For example, there have been many afternoons when a line of colleagues and staff would form behind Justice Hollenhorst’s car in the parking lot at our court of appeal, and he would dispense packages of freshly caught tuna or some other deep-sea delight on a first-come, first-served basis. He loves fishing – one of his many loves.
Also like Aurora, the thing that rounds Tom out and makes his life its most complete is his family.
His wife of some 42 years, Beth; and his sons and their wives, Tim and Norine, Peter and Christa; and most particularly, his beloved grandchildren, Madison, Jacob, Sean, and Sarah, are all just the joys and the delights of his life. And, I might add, Tom is also known as a passionate dog-lover!
On a personal note, when I mentioned to Tom that I had been given the honor of introducing him tonight and talking about his accomplishments, he shrugged. It was readily apparent to me that he was a little uncomfortable with the attention, and he said, “Manuel, I’m just a plow horse,” to which I replied, “Well, Tom, even a plow horse gets some rest and a fresh bucket of oats from time to time.” What do you suppose his response was? He shook his head and said, “No, not this plow horse.”
I couldn’t get that image out of my mind, so I did a little digging. Do you know that, back in the old days, when a farmer went to auction to get a plow horse, he knew just what he was looking for?
He walked right by all the pretty, sleek, and sassy horses, the ones that caught everyone’s attention and everyone’s eye because they were so flashy or so energetic, prancing around as if to say, “Hey there, farmer, look at me!”
The farmer, however, was looking for the horse with broad shoulders, so it could pull a heavy load. The farmer was also looking for the one with a steady eye, so it wouldn’t be distracted by every little thing that fluttered by. The farmer was looking for the one with a sure gait, so it wouldn’t stumble when the path proved difficult. In the end, the farmer was looking for the horse he knew could get the job done – getting the job done, that’s what the farmer thought was important! That’s the perfect description of tonight’s recipient: Justice Hollenhorst is the one who can get the job done, and he continues to get the job done, and he does the job with passion and dedication.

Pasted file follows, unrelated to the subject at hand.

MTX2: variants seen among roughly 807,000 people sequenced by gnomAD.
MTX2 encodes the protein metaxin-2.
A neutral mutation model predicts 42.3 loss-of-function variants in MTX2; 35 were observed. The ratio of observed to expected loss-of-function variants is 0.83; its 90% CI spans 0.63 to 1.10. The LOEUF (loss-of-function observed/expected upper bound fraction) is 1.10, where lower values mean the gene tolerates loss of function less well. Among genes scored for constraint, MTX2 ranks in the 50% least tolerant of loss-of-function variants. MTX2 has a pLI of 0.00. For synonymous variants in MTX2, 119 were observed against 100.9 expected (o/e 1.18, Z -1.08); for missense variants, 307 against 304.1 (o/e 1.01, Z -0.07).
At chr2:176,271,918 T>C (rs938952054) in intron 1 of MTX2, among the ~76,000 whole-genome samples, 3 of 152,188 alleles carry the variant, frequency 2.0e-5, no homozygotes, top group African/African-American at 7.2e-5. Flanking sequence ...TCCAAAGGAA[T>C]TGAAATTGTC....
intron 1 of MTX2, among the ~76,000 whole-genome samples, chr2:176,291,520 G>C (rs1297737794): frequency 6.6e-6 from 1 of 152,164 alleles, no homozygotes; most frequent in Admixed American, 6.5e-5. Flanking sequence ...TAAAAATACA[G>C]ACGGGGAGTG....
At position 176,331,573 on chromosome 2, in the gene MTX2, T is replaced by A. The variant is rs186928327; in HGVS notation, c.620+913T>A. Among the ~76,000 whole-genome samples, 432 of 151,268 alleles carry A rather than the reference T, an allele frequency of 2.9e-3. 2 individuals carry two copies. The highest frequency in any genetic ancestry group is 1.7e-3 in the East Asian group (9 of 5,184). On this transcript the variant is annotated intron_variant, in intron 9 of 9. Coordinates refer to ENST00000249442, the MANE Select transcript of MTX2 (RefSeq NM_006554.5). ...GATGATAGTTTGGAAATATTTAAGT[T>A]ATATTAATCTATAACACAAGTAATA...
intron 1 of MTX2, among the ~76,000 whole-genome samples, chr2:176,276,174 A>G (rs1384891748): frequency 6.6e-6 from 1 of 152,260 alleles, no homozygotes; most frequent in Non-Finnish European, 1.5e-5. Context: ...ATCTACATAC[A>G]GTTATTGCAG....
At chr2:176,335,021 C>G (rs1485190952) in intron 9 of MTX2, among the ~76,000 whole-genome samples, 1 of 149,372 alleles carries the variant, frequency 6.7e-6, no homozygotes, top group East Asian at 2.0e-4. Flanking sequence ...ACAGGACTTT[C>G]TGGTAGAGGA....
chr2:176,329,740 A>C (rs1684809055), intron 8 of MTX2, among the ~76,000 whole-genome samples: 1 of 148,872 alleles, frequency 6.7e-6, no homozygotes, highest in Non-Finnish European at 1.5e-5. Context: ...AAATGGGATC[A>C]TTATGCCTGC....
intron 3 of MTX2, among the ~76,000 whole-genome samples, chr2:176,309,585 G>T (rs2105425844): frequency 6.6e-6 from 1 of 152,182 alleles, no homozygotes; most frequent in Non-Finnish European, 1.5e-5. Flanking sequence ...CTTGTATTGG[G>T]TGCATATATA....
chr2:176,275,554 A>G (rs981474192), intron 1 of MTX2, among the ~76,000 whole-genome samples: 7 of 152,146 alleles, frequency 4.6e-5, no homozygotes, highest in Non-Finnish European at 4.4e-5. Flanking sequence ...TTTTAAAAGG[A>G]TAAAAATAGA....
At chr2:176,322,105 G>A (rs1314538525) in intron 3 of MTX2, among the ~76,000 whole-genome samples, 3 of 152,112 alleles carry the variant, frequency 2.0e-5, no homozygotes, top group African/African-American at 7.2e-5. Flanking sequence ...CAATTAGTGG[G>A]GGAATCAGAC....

Over the past 25 years on our court of appeal, despite serving on numerous committees, despite mentoring externs every year, despite serving his community, despite being fully involved with his family and his hobbies, Justice Hollenhorst has authored something in the range of 4,000 appellate court opinions. Both impressive and unique. In 1989-1990, Justice Hollenhorst served as Acting Presiding Justice at a time when there were two vacant seats on our court of appeal – only three justices were sitting on our court at that time. Justice Hollenhorst volunteered to oversee the work of the attorneys in the vacant chambers, in addition to his own staff.